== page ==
cervical cancer screening

This year, Cervical Cancer Screening Awareness Week will take place on 14th to 20th June.

Raising awareness about screening for cervical cancer is now more important than ever, as many thousands of women have missed routine smear tests during the pandemic.

We all know that smear tests are not the most enjoyable experience. It might be tempting, having missed one, just to wait until the next one rolls around. However, it is important to remember that five minutes of discomfort could well save your life.

So, what specifically is being looked for in a cervical cancer screening?

HPV – human papillomavirus

A smear test is essentially looking for signs of human papillomavirus (HPV) infection. HPV is a very common virus that is transmitted via skin-to-skin contact. This is most often during sexual intercourse.

It is so common that if you are sexually active the chances are you will get it at some point in your life. Even if you don’t have many sexual partners. It can present as genital warts, or it can be symptomless.

HPV itself doesn’t always lead to health problems, but in some instances it can lead to cancers. These are most commonly of the cervix, anus or throat.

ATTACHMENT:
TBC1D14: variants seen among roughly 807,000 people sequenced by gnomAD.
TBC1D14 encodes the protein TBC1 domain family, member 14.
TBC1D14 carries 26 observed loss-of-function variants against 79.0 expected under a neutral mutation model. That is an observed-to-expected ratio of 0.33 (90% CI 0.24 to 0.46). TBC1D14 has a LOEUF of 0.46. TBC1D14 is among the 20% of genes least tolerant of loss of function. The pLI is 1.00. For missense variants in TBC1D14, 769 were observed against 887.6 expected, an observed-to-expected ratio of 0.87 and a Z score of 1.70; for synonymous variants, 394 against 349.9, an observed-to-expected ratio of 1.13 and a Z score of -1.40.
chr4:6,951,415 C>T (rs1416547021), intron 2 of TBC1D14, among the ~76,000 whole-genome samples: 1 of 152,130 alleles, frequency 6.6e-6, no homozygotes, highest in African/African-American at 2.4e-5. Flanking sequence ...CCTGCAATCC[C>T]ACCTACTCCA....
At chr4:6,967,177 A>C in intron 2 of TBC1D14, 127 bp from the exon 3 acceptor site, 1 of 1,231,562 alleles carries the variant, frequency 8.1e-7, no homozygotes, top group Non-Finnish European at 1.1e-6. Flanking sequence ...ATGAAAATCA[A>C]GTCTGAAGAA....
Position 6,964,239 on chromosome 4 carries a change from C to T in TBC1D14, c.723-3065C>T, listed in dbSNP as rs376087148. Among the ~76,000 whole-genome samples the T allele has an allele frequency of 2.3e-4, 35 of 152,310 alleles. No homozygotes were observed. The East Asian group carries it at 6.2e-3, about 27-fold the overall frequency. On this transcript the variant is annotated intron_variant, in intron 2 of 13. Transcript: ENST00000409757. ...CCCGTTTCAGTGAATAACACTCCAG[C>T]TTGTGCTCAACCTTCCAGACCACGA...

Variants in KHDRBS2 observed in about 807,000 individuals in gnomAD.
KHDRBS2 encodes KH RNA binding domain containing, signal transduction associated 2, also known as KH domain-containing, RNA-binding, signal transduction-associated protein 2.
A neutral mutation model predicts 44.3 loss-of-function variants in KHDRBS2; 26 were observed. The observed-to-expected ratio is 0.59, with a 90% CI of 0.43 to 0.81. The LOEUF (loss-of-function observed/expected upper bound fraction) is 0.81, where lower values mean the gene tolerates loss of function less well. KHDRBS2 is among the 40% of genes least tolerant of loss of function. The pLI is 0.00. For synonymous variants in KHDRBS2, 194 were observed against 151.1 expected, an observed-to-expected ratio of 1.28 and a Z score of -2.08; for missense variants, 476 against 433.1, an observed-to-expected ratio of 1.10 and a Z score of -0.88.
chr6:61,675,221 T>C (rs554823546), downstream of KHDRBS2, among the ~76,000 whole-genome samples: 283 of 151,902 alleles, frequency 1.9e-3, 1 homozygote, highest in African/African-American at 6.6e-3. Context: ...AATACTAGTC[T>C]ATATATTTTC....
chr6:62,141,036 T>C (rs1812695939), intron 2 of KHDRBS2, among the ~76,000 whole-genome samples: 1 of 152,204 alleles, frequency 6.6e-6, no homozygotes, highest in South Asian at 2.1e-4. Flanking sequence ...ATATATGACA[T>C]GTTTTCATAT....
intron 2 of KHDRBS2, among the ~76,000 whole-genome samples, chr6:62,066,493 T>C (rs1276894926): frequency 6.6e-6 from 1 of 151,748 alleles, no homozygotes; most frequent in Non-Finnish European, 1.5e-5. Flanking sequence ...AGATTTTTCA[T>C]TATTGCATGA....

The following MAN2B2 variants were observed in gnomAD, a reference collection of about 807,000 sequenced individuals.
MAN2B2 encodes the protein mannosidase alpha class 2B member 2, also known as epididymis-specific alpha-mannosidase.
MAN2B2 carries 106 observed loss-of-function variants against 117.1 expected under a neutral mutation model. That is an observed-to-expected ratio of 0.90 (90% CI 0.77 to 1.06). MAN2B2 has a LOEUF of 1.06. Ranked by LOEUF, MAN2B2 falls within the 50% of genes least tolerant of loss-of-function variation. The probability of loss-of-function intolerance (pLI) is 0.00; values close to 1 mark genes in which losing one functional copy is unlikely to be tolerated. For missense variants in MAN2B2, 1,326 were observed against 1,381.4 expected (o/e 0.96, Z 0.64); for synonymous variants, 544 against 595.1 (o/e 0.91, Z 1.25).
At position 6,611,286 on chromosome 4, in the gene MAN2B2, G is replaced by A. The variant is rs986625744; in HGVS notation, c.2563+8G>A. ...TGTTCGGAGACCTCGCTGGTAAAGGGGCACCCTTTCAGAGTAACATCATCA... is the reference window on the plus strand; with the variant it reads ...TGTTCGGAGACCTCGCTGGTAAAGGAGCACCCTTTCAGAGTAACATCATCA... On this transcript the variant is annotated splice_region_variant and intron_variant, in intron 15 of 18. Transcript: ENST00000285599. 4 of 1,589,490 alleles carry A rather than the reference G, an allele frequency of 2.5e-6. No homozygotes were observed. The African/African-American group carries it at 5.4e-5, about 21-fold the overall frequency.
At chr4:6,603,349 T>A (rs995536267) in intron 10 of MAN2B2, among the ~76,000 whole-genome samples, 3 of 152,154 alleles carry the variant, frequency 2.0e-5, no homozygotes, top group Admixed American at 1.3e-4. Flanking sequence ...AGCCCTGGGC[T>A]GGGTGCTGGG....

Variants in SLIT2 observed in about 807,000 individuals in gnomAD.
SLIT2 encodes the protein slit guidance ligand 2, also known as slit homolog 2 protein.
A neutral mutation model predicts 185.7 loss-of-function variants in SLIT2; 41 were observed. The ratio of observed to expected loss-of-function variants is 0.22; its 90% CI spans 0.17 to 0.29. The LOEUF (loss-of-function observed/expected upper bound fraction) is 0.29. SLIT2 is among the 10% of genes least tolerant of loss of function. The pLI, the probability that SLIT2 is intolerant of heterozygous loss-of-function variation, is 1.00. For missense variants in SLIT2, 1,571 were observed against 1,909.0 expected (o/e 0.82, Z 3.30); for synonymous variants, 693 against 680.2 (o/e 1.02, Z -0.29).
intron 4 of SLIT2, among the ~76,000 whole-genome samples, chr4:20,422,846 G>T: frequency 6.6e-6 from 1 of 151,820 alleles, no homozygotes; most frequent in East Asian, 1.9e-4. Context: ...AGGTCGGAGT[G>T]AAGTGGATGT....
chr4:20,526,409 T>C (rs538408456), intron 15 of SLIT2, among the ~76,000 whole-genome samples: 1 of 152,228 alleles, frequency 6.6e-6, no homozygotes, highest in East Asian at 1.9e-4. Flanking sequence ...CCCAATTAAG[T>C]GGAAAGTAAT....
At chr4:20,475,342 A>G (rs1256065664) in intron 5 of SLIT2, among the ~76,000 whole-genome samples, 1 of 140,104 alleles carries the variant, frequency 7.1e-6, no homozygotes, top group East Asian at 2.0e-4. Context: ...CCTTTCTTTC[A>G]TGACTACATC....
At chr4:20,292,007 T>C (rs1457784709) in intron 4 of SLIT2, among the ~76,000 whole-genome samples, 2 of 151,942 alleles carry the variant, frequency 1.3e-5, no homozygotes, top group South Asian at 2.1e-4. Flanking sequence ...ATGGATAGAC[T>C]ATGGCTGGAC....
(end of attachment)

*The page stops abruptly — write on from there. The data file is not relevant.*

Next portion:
So if my smear test finds HPV, does that mean I have cancer?

Not necessarily! If you are having regular smear tests, then an HPV infection picked up during screening should still be in the early stages. Even if it does have the potential to cause cervical cancer, it should have been caught early enough that it doesn’t present a major health threat.

What happens if an HPV infection is found?

If an HPV infection is found, the samples from your smear test will be sent for further testing. This is to check for any changes in the cells of your cervix, which could be an early indicator of cervical cancer.

Who should have a smear test?

Any sexually active, premenopausal woman should have a regular smear test, although screening is no longer available on the NHS for women aged 18-25. Cervical cancer is most prevalent in women aged 30-45.

It is recommended that you avoid having a smear test during your period, or if you are pregnant or have recently given birth.

Where can I go for my smear test?

Smear tests for women aged 25 and over are now being routinely carried out on the NHS again. However, there may be some backlog due to previous lockdown restrictions.

If you prefer to bypass the waiting list, or if you are aged below 25 and are concerned about cervical cancer, we can offer a private screening service here at SureScan Women’s Health Clinic. For more information, please contact us to book an appointment.